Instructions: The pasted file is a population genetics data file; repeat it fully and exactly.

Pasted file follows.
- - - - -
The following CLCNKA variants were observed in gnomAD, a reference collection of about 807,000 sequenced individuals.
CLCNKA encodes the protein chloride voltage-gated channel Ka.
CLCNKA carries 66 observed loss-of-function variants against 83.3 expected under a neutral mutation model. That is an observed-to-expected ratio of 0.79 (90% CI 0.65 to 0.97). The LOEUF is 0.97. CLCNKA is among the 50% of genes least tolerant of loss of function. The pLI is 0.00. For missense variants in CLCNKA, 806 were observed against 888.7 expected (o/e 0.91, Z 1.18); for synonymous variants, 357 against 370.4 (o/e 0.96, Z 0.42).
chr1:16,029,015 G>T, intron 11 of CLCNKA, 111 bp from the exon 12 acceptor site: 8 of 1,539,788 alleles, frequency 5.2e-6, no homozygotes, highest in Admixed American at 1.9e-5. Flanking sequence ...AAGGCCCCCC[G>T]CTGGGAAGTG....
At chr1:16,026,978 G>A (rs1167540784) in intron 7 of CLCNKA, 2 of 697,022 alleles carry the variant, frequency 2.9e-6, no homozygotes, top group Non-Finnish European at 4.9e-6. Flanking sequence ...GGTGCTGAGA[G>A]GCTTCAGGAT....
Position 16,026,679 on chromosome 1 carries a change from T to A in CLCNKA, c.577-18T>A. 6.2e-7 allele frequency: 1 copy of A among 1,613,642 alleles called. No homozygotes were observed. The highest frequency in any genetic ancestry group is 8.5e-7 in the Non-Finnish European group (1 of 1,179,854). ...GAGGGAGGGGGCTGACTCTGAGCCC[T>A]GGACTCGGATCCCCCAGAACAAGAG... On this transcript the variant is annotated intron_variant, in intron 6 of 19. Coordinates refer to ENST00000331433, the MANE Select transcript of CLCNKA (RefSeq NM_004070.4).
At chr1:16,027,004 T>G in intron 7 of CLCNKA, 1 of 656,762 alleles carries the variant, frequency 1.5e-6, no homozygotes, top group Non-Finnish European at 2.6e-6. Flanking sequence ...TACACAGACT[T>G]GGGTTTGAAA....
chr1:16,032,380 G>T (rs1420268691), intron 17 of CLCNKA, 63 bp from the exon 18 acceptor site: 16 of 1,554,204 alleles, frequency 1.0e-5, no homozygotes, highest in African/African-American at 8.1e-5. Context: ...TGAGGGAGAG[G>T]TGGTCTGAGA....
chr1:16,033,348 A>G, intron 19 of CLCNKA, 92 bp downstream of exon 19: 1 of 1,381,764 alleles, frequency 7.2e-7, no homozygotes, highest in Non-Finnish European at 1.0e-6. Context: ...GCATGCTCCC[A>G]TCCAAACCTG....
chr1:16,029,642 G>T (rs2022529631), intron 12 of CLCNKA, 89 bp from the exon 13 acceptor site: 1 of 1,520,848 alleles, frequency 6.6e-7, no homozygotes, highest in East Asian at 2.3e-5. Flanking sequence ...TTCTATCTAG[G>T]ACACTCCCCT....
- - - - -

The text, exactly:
The following CLCNKA variants were observed in gnomAD, a reference collection of about 807,000 sequenced individuals.
CLCNKA encodes the protein chloride voltage-gated channel Ka.
CLCNKA carries 66 observed loss-of-function variants against 83.3 expected under a neutral mutation model. That is an observed-to-expected ratio of 0.79 (90% CI 0.65 to 0.97). The LOEUF is 0.97. CLCNKA is among the 50% of genes least tolerant of loss of function. The pLI is 0.00. For missense variants in CLCNKA, 806 were observed against 888.7 expected (o/e 0.91, Z 1.18); for synonymous variants, 357 against 370.4 (o/e 0.96, Z 0.42).
chr1:16,029,015 G>T, intron 11 of CLCNKA, 111 bp from the exon 12 acceptor site: 8 of 1,539,788 alleles, frequency 5.2e-6, no homozygotes, highest in Admixed American at 1.9e-5. Flanking sequence ...AAGGCCCCCC[G>T]CTGGGAAGTG....
At chr1:16,026,978 G>A (rs1167540784) in intron 7 of CLCNKA, 2 of 697,022 alleles carry the variant, frequency 2.9e-6, no homozygotes, top group Non-Finnish European at 4.9e-6. Flanking sequence ...GGTGCTGAGA[G>A]GCTTCAGGAT....
Position 16,026,679 on chromosome 1 carries a change from T to A in CLCNKA, c.577-18T>A. 6.2e-7 allele frequency: 1 copy of A among 1,613,642 alleles called. No homozygotes were observed. The highest frequency in any genetic ancestry group is 8.5e-7 in the Non-Finnish European group (1 of 1,179,854). ...GAGGGAGGGGGCTGACTCTGAGCCC[T>A]GGACTCGGATCCCCCAGAACAAGAG... On this transcript the variant is annotated intron_variant, in intron 6 of 19. Coordinates refer to ENST00000331433, the MANE Select transcript of CLCNKA (RefSeq NM_004070.4).
At chr1:16,027,004 T>G in intron 7 of CLCNKA, 1 of 656,762 alleles carries the variant, frequency 1.5e-6, no homozygotes, top group Non-Finnish European at 2.6e-6. Flanking sequence ...TACACAGACT[T>G]GGGTTTGAAA....
chr1:16,032,380 G>T (rs1420268691), intron 17 of CLCNKA, 63 bp from the exon 18 acceptor site: 16 of 1,554,204 alleles, frequency 1.0e-5, no homozygotes, highest in African/African-American at 8.1e-5. Context: ...TGAGGGAGAG[G>T]TGGTCTGAGA....
chr1:16,033,348 A>G, intron 19 of CLCNKA, 92 bp downstream of exon 19: 1 of 1,381,764 alleles, frequency 7.2e-7, no homozygotes, highest in Non-Finnish European at 1.0e-6. Context: ...GCATGCTCCC[A>G]TCCAAACCTG....
chr1:16,029,642 G>T (rs2022529631), intron 12 of CLCNKA, 89 bp from the exon 13 acceptor site: 1 of 1,520,848 alleles, frequency 6.6e-7, no homozygotes, highest in East Asian at 2.3e-5. Flanking sequence ...TTCTATCTAG[G>T]ACACTCCCCT....